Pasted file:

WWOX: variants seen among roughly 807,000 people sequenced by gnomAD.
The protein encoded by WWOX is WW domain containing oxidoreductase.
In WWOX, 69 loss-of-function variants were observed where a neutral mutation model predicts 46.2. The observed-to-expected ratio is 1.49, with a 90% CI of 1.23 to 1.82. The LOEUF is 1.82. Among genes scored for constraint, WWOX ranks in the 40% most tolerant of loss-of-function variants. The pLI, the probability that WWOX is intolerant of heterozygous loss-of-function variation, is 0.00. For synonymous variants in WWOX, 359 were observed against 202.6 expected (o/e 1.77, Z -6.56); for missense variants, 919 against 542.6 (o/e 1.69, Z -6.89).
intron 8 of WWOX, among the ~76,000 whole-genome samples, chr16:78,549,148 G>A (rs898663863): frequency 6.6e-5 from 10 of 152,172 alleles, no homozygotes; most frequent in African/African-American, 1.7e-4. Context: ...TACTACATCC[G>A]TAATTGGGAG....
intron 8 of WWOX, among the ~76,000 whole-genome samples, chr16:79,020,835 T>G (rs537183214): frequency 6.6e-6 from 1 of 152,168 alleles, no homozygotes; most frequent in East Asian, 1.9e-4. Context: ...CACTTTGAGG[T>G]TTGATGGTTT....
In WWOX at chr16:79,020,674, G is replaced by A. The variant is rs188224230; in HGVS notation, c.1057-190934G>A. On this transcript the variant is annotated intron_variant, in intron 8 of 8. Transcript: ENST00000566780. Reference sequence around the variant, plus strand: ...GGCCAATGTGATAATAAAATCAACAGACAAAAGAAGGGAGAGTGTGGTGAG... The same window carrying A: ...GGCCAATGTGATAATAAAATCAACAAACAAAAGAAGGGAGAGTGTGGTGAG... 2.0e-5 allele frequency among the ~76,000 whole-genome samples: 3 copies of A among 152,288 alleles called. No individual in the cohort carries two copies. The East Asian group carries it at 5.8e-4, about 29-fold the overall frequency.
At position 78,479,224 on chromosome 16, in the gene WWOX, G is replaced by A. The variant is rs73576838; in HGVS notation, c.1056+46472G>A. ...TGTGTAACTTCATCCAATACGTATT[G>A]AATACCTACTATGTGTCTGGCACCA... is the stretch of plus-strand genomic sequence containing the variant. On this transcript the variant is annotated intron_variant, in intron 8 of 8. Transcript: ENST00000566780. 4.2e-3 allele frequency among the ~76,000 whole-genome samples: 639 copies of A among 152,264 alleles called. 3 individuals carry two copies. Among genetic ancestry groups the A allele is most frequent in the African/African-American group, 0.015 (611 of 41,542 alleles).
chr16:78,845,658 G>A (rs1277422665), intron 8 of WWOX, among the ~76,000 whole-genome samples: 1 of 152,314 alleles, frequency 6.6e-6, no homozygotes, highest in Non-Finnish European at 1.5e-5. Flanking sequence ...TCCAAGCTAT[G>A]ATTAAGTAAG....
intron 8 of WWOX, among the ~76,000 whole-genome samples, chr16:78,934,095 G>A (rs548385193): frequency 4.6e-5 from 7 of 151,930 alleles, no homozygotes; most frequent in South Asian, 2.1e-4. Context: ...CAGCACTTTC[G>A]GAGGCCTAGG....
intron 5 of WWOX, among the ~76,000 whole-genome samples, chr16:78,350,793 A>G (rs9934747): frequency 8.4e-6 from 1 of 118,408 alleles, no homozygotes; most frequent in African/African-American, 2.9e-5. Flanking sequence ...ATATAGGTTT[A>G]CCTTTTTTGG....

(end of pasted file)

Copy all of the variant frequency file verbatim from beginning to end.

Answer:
WWOX: variants seen among roughly 807,000 people sequenced by gnomAD.
The protein encoded by WWOX is WW domain containing oxidoreductase.
In WWOX, 69 loss-of-function variants were observed where a neutral mutation model predicts 46.2. The observed-to-expected ratio is 1.49, with a 90% CI of 1.23 to 1.82. The LOEUF is 1.82. Among genes scored for constraint, WWOX ranks in the 40% most tolerant of loss-of-function variants. The pLI, the probability that WWOX is intolerant of heterozygous loss-of-function variation, is 0.00. For synonymous variants in WWOX, 359 were observed against 202.6 expected (o/e 1.77, Z -6.56); for missense variants, 919 against 542.6 (o/e 1.69, Z -6.89).
intron 8 of WWOX, among the ~76,000 whole-genome samples, chr16:78,549,148 G>A (rs898663863): frequency 6.6e-5 from 10 of 152,172 alleles, no homozygotes; most frequent in African/African-American, 1.7e-4. Context: ...TACTACATCC[G>A]TAATTGGGAG....
intron 8 of WWOX, among the ~76,000 whole-genome samples, chr16:79,020,835 T>G (rs537183214): frequency 6.6e-6 from 1 of 152,168 alleles, no homozygotes; most frequent in East Asian, 1.9e-4. Context: ...CACTTTGAGG[T>G]TTGATGGTTT....
In WWOX at chr16:79,020,674, G is replaced by A. The variant is rs188224230; in HGVS notation, c.1057-190934G>A. On this transcript the variant is annotated intron_variant, in intron 8 of 8. Transcript: ENST00000566780. Reference sequence around the variant, plus strand: ...GGCCAATGTGATAATAAAATCAACAGACAAAAGAAGGGAGAGTGTGGTGAG... The same window carrying A: ...GGCCAATGTGATAATAAAATCAACAAACAAAAGAAGGGAGAGTGTGGTGAG... 2.0e-5 allele frequency among the ~76,000 whole-genome samples: 3 copies of A among 152,288 alleles called. No individual in the cohort carries two copies. The East Asian group carries it at 5.8e-4, about 29-fold the overall frequency.
At position 78,479,224 on chromosome 16, in the gene WWOX, G is replaced by A. The variant is rs73576838; in HGVS notation, c.1056+46472G>A. ...TGTGTAACTTCATCCAATACGTATT[G>A]AATACCTACTATGTGTCTGGCACCA... is the stretch of plus-strand genomic sequence containing the variant. On this transcript the variant is annotated intron_variant, in intron 8 of 8. Transcript: ENST00000566780. 4.2e-3 allele frequency among the ~76,000 whole-genome samples: 639 copies of A among 152,264 alleles called. 3 individuals carry two copies. Among genetic ancestry groups the A allele is most frequent in the African/African-American group, 0.015 (611 of 41,542 alleles).
chr16:78,845,658 G>A (rs1277422665), intron 8 of WWOX, among the ~76,000 whole-genome samples: 1 of 152,314 alleles, frequency 6.6e-6, no homozygotes, highest in Non-Finnish European at 1.5e-5. Flanking sequence ...TCCAAGCTAT[G>A]ATTAAGTAAG....
intron 8 of WWOX, among the ~76,000 whole-genome samples, chr16:78,934,095 G>A (rs548385193): frequency 4.6e-5 from 7 of 151,930 alleles, no homozygotes; most frequent in South Asian, 2.1e-4. Context: ...CAGCACTTTC[G>A]GAGGCCTAGG....
intron 5 of WWOX, among the ~76,000 whole-genome samples, chr16:78,350,793 A>G (rs9934747): frequency 8.4e-6 from 1 of 118,408 alleles, no homozygotes; most frequent in African/African-American, 2.9e-5. Flanking sequence ...ATATAGGTTT[A>G]CCTTTTTTGG....